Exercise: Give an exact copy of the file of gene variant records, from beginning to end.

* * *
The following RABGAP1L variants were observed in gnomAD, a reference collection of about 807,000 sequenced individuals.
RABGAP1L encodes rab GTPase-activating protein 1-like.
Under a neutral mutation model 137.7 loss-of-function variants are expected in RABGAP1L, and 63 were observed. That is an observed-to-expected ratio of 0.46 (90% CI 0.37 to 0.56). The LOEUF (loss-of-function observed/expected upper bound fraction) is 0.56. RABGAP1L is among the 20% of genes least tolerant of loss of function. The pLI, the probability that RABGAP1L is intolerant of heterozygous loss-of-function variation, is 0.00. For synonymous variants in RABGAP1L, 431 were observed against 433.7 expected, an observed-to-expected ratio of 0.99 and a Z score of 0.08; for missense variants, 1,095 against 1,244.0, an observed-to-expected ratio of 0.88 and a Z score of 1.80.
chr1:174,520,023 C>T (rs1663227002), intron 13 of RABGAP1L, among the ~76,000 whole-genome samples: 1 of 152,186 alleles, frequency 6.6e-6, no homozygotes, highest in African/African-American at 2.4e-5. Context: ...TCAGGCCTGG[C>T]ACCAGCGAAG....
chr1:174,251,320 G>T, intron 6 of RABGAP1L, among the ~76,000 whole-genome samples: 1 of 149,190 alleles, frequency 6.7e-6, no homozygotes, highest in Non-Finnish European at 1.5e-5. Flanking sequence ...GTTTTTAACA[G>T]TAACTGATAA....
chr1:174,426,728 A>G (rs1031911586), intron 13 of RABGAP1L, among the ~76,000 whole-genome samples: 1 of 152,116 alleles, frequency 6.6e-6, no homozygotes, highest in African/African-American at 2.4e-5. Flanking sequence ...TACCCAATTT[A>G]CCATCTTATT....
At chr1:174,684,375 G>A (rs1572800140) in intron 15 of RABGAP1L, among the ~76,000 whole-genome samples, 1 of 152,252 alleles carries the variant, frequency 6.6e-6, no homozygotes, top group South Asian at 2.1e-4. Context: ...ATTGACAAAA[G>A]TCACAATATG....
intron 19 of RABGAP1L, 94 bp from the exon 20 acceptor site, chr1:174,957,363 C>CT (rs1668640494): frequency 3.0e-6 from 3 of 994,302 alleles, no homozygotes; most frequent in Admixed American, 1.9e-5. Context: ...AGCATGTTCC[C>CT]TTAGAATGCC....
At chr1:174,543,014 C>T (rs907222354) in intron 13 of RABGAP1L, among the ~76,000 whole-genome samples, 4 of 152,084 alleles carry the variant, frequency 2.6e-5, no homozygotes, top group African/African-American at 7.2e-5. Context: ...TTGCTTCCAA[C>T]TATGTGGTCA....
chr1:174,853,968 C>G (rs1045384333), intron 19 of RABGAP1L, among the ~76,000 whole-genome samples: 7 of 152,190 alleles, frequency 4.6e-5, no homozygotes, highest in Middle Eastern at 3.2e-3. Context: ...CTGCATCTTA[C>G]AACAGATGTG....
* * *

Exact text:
The following RABGAP1L variants were observed in gnomAD, a reference collection of about 807,000 sequenced individuals.
RABGAP1L encodes rab GTPase-activating protein 1-like.
Under a neutral mutation model 137.7 loss-of-function variants are expected in RABGAP1L, and 63 were observed. That is an observed-to-expected ratio of 0.46 (90% CI 0.37 to 0.56). The LOEUF (loss-of-function observed/expected upper bound fraction) is 0.56. RABGAP1L is among the 20% of genes least tolerant of loss of function. The pLI, the probability that RABGAP1L is intolerant of heterozygous loss-of-function variation, is 0.00. For synonymous variants in RABGAP1L, 431 were observed against 433.7 expected, an observed-to-expected ratio of 0.99 and a Z score of 0.08; for missense variants, 1,095 against 1,244.0, an observed-to-expected ratio of 0.88 and a Z score of 1.80.
chr1:174,520,023 C>T (rs1663227002), intron 13 of RABGAP1L, among the ~76,000 whole-genome samples: 1 of 152,186 alleles, frequency 6.6e-6, no homozygotes, highest in African/African-American at 2.4e-5. Context: ...TCAGGCCTGG[C>T]ACCAGCGAAG....
chr1:174,251,320 G>T, intron 6 of RABGAP1L, among the ~76,000 whole-genome samples: 1 of 149,190 alleles, frequency 6.7e-6, no homozygotes, highest in Non-Finnish European at 1.5e-5. Flanking sequence ...GTTTTTAACA[G>T]TAACTGATAA....
chr1:174,426,728 A>G (rs1031911586), intron 13 of RABGAP1L, among the ~76,000 whole-genome samples: 1 of 152,116 alleles, frequency 6.6e-6, no homozygotes, highest in African/African-American at 2.4e-5. Flanking sequence ...TACCCAATTT[A>G]CCATCTTATT....
At chr1:174,684,375 G>A (rs1572800140) in intron 15 of RABGAP1L, among the ~76,000 whole-genome samples, 1 of 152,252 alleles carries the variant, frequency 6.6e-6, no homozygotes, top group South Asian at 2.1e-4. Context: ...ATTGACAAAA[G>A]TCACAATATG....
intron 19 of RABGAP1L, 94 bp from the exon 20 acceptor site, chr1:174,957,363 C>CT (rs1668640494): frequency 3.0e-6 from 3 of 994,302 alleles, no homozygotes; most frequent in Admixed American, 1.9e-5. Context: ...AGCATGTTCC[C>CT]TTAGAATGCC....
At chr1:174,543,014 C>T (rs907222354) in intron 13 of RABGAP1L, among the ~76,000 whole-genome samples, 4 of 152,084 alleles carry the variant, frequency 2.6e-5, no homozygotes, top group African/African-American at 7.2e-5. Context: ...TTGCTTCCAA[C>T]TATGTGGTCA....
chr1:174,853,968 C>G (rs1045384333), intron 19 of RABGAP1L, among the ~76,000 whole-genome samples: 7 of 152,190 alleles, frequency 4.6e-5, no homozygotes, highest in Middle Eastern at 3.2e-3. Context: ...CTGCATCTTA[C>G]AACAGATGTG....